By Luis Felipe López-Calva
UNITED NATIONS, Thursday November 7, 2019 (IPS) – The UN Climate Action Summit 2019, which took place
in the days leading up to the 74th UN General Assembly, delivered new pathways
and practical actions for governments and private sector to intensify climate
Among these, it
recognized that the path towards protecting our planet requires a fundamental
change in terms of how households, and the society as a whole, produce and
efforts, we are still not moving slowly in terms of investments in clean
energy. According to the International Energy Agency, in 2018 alone global
energy-related CO2 emissions rose 1.7 per cent to a historic high, driven by
higher energy demand.
While LAC is a
region whose contribution to global carbon emission from energy generation has
been relatively low (contributing to less than eight per cent of total
emissions worldwide), it has contributed significantly to the solution by
moving firmly into more renewable sources of energy.
Energy needs to be
transformed in order to be useful. Primary sources of energy – those found in
nature such as coal, oil, natural gas, nuclear fuels, the sun, wind or rivers –
need to be transformed into electricity (a so-called secondary source) to be
used by industry, households, services and transportation, among other things.
electricity cannot yet be stored at a large scale: it is either used or lost.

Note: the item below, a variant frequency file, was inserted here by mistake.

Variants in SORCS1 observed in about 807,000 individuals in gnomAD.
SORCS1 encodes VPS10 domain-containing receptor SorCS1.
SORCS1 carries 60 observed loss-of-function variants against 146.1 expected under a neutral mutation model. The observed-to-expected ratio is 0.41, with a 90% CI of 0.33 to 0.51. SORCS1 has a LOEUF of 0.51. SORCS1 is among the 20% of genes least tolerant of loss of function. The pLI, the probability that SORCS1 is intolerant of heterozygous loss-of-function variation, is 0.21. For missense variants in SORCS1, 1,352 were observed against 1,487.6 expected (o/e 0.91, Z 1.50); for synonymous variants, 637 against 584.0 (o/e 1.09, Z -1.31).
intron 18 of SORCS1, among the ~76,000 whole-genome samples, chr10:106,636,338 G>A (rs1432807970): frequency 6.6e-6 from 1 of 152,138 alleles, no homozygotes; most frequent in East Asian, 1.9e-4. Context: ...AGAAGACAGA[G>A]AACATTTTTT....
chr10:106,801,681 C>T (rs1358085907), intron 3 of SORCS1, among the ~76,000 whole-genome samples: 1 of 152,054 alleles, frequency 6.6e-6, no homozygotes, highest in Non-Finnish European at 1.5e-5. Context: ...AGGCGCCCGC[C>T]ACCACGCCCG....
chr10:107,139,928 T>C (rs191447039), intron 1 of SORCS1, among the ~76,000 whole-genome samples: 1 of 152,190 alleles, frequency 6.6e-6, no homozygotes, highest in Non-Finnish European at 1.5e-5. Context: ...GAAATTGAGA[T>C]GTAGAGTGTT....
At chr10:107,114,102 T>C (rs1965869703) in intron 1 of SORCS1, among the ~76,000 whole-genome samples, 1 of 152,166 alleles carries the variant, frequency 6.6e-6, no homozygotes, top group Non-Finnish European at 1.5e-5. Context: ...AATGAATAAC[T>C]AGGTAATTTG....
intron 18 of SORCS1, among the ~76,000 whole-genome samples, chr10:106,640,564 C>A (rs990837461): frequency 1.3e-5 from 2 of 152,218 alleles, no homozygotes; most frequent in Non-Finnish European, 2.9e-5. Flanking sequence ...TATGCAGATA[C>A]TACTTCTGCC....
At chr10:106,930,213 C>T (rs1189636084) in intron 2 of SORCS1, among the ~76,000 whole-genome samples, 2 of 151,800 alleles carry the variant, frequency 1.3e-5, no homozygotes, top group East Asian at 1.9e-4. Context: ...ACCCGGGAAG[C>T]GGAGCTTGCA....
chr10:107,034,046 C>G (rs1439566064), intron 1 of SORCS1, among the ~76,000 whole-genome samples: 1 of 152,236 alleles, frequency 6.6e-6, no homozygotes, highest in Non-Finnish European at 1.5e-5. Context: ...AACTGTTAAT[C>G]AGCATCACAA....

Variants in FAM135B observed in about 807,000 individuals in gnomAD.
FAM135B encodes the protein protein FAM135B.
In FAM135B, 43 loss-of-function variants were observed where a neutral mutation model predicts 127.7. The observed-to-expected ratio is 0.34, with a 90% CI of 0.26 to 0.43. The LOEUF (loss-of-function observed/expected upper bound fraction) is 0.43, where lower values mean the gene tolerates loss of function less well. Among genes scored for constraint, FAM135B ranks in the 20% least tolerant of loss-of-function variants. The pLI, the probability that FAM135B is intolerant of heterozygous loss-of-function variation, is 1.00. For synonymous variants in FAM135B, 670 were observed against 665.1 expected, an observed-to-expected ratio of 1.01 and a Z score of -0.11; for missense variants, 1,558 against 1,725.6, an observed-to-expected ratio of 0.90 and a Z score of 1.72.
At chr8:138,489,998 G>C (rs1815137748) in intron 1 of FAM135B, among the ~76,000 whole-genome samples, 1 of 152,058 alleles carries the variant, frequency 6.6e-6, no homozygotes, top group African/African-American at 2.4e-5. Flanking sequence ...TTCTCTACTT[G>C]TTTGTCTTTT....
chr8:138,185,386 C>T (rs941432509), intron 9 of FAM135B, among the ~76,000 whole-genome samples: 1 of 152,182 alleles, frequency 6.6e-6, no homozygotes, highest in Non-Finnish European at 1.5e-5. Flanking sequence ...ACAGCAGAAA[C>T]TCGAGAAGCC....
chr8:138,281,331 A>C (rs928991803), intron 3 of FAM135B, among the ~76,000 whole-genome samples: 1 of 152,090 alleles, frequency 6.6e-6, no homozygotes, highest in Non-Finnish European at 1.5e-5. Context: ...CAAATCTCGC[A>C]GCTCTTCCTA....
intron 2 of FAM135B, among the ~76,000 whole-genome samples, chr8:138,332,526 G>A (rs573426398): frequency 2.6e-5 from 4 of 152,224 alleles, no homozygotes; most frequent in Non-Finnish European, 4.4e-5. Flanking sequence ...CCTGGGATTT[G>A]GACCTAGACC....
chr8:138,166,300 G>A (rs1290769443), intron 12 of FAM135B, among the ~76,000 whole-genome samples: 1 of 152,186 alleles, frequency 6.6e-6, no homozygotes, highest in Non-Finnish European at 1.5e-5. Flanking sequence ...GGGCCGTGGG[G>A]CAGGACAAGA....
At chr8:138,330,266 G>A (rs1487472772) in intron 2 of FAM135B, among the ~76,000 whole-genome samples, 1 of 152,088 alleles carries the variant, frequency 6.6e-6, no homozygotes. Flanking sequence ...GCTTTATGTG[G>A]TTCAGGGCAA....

The process of electricity generation produces a series of effects that
inevitably have an impact on people and the environment, albeit some more than
That is, social
and environmental impacts differ if electricity is generated by burning coal,
inundating a valley, or building a wind farm, with effects varying from
greenhouse gas emissions, displacement of local populations, and disturbances
to local ecosystems (i.e. wind farms threaten flying wildlife).
The goal in
energy planning is to balance benefits and costs, aiming ideally to find
mechanism that internalize the environmental impact (either through markets or
through regulation, both of which require effective governance: clear, stable
and credibly enforced rules).
So, how does LAC
fare in terms of its energy use? According to a widely used index, the “energy
intensity indicator”, LAC is the most efficient region in the world when it
comes to energy use.
This index captures the amount of energy needed to generate one dollar of product or service. LAC is also becoming more efficient over time, with the index falling in past years, suggesting that the region is doing relatively more with less energy.
To a large extent
due to the presence of large hydroelectric power generators, 52 per cent of
LAC’s energy came from renewable sources (by 2013). This is almost three times
higher than the global average of 22 per cent and has been increasing steadily
over the past two decades
clearly many challenges ahead. Among the most pressing is related precisely to
the impact of climate change on renewable energy generation: hydropower may be
a highly efficient renewable energy system, but it is becoming less reliable due